|Publisher||Allison & Busby|
|Date Published||25 February 2013|
London 1856. The body of Lady Bessingham, a supporter of exploration and science, is discovered in her home. Inspector Adams, with the help of Professor Hatton and his morgue assistant Albert Roumande, uncover a grotesque world lying just beneath the veneer of civilised society.
Inspector Adams of Scotland Yard begins the investigation but within a day the body count starts to rise and another collector is found dead. He looks to Professor Adolphus Hatton, the pathologist at St Bart’s Hospital, and his assistant, Albert Roumande, for assistance, but finds himself both helped and hindered by them in equal measure. They are desperate to push forward their own science, forensics, at a time when some still consider the cutting up of bodies to be blasphemy and the chemical tests of dead tissue as voodoo.
Hampered by his inability to link the victims, and plagued by the rising number of young girls who are turning up beaten to death in the city, Adams finds himself not only hunting for a brutal killer but also struggling to keep his own secrets hidden.
With Devoured, D.E. Meredith constructs a tightly-tangled web of mystery and deception. Only when the untangling begins and the lies are uncovered does her masterful handling of each thread shine through and in that respect this is a perfectly-paced thriller, constantly challenging the reader to rethink their loyalties. That is what kept me turning the pages.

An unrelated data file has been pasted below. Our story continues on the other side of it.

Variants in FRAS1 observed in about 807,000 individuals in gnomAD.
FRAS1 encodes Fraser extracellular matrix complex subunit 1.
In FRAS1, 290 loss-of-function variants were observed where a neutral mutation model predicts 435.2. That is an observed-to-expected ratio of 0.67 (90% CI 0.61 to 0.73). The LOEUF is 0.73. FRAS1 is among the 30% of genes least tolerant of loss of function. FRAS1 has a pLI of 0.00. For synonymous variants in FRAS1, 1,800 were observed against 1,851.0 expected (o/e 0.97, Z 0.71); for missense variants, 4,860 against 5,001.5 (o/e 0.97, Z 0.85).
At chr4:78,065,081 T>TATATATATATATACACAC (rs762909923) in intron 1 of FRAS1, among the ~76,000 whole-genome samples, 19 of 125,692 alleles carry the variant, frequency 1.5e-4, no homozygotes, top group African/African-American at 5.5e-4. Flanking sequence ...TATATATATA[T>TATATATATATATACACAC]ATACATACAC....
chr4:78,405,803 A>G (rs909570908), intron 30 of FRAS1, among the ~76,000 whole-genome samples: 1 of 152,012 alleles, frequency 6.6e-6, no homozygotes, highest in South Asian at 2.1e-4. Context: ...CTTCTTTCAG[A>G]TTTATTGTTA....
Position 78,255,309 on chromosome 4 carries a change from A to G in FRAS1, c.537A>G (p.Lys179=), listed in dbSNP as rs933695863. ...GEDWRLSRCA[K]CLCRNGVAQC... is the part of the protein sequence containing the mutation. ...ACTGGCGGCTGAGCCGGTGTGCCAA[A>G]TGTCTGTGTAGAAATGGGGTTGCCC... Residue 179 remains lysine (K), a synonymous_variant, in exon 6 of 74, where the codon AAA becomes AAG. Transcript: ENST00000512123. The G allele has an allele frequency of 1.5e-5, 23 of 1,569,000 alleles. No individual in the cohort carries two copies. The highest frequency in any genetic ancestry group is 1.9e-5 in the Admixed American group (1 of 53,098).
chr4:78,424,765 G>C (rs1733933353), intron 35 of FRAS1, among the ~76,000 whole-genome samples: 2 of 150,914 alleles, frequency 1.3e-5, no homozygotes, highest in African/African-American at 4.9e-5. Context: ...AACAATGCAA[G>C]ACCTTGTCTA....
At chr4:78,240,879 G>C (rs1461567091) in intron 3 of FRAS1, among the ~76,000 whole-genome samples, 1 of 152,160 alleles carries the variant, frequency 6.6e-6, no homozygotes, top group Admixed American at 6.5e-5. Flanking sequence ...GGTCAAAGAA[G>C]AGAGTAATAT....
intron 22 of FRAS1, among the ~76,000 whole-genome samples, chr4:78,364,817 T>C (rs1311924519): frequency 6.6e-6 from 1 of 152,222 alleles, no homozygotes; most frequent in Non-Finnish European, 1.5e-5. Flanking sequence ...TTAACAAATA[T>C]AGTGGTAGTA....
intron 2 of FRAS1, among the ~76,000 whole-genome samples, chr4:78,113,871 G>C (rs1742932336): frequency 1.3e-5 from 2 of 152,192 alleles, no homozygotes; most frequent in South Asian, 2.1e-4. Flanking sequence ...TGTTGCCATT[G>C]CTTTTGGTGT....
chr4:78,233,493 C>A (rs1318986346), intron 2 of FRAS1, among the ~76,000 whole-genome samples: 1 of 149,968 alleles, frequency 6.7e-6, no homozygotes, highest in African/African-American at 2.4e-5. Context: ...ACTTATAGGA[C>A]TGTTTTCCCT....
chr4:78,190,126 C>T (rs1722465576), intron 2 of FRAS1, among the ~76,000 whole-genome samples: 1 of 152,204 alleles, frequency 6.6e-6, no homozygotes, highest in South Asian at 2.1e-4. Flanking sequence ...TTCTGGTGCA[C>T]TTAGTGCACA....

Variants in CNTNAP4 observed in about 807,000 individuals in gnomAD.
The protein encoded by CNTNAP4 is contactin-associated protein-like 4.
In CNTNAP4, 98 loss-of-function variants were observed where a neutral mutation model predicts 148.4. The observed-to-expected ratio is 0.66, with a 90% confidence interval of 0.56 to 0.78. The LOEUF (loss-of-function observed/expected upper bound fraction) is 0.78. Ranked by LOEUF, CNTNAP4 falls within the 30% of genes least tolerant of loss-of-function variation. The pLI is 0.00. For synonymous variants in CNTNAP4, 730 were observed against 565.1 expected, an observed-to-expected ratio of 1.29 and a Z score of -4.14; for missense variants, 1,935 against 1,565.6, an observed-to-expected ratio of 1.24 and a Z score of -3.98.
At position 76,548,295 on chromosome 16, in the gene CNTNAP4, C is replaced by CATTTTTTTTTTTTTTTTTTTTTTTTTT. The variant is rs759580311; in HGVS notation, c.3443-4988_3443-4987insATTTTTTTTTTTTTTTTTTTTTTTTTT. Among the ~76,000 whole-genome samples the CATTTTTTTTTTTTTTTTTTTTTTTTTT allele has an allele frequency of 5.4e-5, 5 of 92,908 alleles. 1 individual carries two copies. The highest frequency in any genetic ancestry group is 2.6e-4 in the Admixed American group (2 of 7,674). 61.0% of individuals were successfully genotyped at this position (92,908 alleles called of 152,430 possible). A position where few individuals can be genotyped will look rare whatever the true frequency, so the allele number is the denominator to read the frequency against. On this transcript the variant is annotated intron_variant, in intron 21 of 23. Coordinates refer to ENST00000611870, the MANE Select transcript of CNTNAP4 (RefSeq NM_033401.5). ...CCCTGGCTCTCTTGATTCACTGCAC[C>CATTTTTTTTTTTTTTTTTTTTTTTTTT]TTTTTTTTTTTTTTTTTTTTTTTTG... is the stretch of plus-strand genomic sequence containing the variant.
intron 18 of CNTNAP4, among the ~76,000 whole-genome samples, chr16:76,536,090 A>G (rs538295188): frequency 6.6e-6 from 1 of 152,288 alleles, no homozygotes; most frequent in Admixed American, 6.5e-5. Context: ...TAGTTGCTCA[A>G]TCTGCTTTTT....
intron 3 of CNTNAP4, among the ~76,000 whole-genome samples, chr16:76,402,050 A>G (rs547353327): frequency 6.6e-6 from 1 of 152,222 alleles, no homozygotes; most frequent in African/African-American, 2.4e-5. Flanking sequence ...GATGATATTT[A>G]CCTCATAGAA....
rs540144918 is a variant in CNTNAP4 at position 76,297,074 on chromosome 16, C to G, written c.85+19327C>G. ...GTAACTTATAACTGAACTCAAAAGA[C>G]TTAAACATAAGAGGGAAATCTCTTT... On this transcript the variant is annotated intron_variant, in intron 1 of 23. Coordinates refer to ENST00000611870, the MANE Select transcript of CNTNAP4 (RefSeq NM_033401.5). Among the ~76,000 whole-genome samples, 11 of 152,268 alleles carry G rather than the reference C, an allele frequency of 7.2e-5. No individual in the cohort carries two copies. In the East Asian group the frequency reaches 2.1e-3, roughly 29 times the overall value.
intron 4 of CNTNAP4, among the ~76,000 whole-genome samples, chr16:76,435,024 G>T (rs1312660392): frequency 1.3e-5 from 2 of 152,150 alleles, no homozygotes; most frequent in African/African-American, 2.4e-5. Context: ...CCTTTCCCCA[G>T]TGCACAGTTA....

Unfortunately, while the potential villains are all fascinating and multi-layered, it’s in Meredith’s hero characters where the book falls down. Set in Victorian London and written in the Victorian style, the friendship that presumably exists between Hatton and Roumande lacks any connection that feels believable or substantial. There was surely no less complexity in human relationships back in Victorian times as there is now but very little of that complexity makes it to the page and that’s disappointing given the beautifully-drawn plot. I was left feeling as if I’d skim-read sections of the book and was missing the substance of the partnership at the heart of it. But if you like Victorian crime, you’ll probably love it.
Reviewed 16 November 2013 by Madeleine Marsh